Students to share why to study in Asia

Kennedy Nolen, Multicultural Reporter

Students will share their experiences studying abroad in Asia during a panel at 6:30 p.m. Tuesday in room 2761 of Coleman Hall.

Kurt Olausen, director of study abroad, will give an overview of the programs available, along with ways students can study in various Asian countries.

Studying in Asia is “important for our future, for our economy and for our strategic alliances,” Olausen said.

Along with talking about their time in Asia students will discuss how they received different scholarships.

Olausen said Jinhee Lee, the coordinator of the Asian Studies program, usually projects a Skype session with an Eastern graduate who teaches in Asia.

Japan and South Korea are currently the two most popular places to study, according to Olausen.

There is almost always at least one student studying in South Korea, Olausen said, but the demand to travel in Japan is spreading.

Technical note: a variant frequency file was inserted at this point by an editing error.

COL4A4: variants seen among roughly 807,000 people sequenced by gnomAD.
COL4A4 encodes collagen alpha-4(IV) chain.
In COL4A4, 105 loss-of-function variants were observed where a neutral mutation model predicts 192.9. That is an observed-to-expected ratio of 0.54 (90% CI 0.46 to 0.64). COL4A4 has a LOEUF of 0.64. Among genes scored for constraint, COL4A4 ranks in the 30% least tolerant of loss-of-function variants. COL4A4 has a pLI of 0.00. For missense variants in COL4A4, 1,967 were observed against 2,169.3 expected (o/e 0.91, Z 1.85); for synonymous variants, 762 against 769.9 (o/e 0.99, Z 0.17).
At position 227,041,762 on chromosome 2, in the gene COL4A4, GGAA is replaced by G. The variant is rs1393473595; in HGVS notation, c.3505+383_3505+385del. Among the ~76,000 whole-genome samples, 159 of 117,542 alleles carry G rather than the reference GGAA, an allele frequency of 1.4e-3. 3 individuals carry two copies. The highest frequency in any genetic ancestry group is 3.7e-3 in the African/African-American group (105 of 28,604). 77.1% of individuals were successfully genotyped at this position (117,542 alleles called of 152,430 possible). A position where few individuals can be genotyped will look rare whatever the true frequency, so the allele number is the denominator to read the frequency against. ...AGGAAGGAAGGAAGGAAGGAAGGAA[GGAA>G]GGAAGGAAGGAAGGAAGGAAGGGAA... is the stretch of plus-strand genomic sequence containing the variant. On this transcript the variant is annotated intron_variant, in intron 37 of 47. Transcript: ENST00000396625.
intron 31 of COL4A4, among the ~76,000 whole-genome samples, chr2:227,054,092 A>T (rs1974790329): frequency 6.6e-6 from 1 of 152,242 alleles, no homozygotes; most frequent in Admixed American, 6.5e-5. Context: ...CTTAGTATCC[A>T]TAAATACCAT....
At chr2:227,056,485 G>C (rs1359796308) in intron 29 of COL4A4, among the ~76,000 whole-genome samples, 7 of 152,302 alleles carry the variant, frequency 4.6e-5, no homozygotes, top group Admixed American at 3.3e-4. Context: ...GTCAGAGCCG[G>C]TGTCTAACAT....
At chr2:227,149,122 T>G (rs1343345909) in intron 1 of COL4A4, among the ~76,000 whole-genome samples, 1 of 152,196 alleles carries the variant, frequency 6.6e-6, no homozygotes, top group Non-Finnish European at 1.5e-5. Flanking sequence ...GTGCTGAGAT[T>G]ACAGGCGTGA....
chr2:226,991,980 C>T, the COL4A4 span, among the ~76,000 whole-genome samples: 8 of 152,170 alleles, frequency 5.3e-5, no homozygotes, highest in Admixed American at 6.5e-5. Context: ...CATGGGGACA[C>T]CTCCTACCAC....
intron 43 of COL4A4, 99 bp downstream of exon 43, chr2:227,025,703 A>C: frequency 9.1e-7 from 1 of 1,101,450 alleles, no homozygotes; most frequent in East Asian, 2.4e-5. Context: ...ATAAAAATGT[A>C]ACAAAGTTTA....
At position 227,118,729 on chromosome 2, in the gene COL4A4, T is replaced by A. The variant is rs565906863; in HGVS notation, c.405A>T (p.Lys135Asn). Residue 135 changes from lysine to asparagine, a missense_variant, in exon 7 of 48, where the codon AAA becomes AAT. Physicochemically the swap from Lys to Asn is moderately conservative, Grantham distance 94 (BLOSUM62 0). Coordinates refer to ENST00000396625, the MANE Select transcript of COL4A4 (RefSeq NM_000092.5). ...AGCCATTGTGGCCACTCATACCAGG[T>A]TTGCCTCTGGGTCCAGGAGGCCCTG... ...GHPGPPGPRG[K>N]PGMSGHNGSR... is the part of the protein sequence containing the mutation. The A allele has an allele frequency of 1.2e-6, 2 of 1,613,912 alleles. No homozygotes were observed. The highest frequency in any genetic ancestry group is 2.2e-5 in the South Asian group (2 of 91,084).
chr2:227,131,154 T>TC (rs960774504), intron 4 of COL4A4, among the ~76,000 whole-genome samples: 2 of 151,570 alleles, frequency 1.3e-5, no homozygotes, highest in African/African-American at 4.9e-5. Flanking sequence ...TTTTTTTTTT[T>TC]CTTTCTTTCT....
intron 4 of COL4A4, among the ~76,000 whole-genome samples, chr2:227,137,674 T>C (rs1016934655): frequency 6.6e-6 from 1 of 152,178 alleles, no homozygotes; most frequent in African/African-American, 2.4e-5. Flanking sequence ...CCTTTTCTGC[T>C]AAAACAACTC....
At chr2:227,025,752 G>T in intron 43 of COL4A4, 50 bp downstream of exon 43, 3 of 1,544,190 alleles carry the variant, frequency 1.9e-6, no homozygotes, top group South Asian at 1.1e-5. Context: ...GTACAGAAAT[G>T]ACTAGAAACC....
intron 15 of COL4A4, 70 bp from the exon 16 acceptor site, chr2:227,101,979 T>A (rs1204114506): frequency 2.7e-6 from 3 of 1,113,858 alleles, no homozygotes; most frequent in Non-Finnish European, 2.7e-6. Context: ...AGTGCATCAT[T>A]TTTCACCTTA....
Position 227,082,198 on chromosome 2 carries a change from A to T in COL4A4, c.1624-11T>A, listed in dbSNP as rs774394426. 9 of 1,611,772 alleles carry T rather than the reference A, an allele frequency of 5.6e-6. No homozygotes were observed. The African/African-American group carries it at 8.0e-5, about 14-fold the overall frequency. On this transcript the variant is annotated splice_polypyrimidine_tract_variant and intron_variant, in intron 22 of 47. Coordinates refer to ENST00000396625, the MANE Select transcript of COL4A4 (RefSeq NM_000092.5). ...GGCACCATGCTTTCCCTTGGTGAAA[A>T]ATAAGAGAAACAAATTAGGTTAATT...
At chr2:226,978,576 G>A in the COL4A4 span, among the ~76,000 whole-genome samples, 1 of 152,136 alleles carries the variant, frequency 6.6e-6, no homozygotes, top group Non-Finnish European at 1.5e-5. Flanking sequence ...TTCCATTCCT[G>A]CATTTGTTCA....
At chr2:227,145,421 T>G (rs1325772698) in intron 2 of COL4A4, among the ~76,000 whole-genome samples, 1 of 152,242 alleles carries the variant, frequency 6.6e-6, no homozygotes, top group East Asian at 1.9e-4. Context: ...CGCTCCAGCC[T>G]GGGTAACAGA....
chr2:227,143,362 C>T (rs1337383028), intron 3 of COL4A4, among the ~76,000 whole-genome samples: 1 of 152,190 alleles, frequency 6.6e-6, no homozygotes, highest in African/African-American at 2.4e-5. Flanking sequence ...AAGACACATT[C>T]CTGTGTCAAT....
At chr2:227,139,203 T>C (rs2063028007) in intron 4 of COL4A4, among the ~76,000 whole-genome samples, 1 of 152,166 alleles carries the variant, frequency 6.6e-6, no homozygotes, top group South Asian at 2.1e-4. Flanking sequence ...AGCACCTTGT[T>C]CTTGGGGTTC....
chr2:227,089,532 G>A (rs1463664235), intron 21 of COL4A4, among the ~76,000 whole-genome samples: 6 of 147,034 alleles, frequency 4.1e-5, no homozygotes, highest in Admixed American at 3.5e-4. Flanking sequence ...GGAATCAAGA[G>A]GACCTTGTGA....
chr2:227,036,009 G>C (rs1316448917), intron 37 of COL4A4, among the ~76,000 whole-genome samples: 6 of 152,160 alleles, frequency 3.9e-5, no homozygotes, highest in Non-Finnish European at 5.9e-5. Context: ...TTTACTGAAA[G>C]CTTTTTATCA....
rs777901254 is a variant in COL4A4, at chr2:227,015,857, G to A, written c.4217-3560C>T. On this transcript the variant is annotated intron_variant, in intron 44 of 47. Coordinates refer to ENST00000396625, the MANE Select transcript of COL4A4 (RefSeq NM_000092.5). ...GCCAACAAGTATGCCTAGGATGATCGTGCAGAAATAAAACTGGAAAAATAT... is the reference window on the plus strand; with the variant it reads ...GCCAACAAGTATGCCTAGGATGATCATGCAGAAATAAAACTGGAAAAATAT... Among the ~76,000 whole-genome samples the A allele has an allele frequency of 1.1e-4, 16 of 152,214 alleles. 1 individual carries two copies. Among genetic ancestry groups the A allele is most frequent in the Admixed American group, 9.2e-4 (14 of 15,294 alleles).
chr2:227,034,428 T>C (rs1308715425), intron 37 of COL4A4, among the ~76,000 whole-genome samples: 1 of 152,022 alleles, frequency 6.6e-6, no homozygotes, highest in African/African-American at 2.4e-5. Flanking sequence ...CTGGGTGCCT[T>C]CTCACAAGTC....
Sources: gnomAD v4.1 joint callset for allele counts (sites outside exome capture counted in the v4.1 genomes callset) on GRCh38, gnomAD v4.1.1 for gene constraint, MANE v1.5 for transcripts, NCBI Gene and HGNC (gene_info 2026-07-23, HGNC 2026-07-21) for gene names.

Olausen said South Korea has a long history of good relations with U.S., as does Japan.

The way Korean universities are structured, he explained, they offer a broader curriculum.

Olausen said a lot of Asian faculty members on campus are Korean, so they can talk about South Korea with students and encourage them to study there.

The Japanese exchange program is somewhat limited to an Asian Studies focus, he said, but if a student is a political science major, they can take an Asian politics class in Japan.

There are two art majors studying in Japan now and one art major who studied there last semester, Olausen said.

He said there have been faculty-led trips to China, Indonesia and India, but the demand is not very high for that part of the world.

“India is one of those places where the culture shock is so great for Westerners going there,” Olausen said. “It can be a hard place to travel.”

Asia is an important part of the world, he said, especially for business these days.

“China is a huge economic partner for the U.S.,” Olausen said.

China also a strategic partner, he said, because the country and its population are so large.

“We are educating a lot of their students here, so there is a natural connection and natural relationships between us,” Olausen said.

Kennedy Nolen can be reached at 581-2812 or [email protected]